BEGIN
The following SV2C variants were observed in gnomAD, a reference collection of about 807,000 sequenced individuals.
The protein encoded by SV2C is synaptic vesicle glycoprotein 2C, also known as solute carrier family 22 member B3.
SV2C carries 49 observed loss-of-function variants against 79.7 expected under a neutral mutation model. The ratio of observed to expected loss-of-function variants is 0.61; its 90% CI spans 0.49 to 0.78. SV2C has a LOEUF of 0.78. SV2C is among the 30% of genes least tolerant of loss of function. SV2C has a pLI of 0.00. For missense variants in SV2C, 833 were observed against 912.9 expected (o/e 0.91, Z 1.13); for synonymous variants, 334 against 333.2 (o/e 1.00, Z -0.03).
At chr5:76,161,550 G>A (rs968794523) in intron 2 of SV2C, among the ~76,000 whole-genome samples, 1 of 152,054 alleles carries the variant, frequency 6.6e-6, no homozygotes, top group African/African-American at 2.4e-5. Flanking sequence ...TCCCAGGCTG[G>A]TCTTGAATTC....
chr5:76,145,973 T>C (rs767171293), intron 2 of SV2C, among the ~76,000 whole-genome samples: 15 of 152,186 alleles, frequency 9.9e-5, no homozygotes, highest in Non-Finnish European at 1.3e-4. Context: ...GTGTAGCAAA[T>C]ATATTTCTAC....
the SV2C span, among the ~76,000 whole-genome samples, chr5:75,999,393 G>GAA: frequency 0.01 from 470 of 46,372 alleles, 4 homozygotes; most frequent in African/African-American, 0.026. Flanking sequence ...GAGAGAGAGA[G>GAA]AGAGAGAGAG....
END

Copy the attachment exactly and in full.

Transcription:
The following SV2C variants were observed in gnomAD, a reference collection of about 807,000 sequenced individuals.
The protein encoded by SV2C is synaptic vesicle glycoprotein 2C, also known as solute carrier family 22 member B3.
SV2C carries 49 observed loss-of-function variants against 79.7 expected under a neutral mutation model. The ratio of observed to expected loss-of-function variants is 0.61; its 90% CI spans 0.49 to 0.78. SV2C has a LOEUF of 0.78. SV2C is among the 30% of genes least tolerant of loss of function. SV2C has a pLI of 0.00. For missense variants in SV2C, 833 were observed against 912.9 expected (o/e 0.91, Z 1.13); for synonymous variants, 334 against 333.2 (o/e 1.00, Z -0.03).
At chr5:76,161,550 G>A (rs968794523) in intron 2 of SV2C, among the ~76,000 whole-genome samples, 1 of 152,054 alleles carries the variant, frequency 6.6e-6, no homozygotes, top group African/African-American at 2.4e-5. Flanking sequence ...TCCCAGGCTG[G>A]TCTTGAATTC....
chr5:76,145,973 T>C (rs767171293), intron 2 of SV2C, among the ~76,000 whole-genome samples: 15 of 152,186 alleles, frequency 9.9e-5, no homozygotes, highest in Non-Finnish European at 1.3e-4. Context: ...GTGTAGCAAA[T>C]ATATTTCTAC....
the SV2C span, among the ~76,000 whole-genome samples, chr5:75,999,393 G>GAA: frequency 0.01 from 470 of 46,372 alleles, 4 homozygotes; most frequent in African/African-American, 0.026. Flanking sequence ...GAGAGAGAGA[G>GAA]AGAGAGAGAG....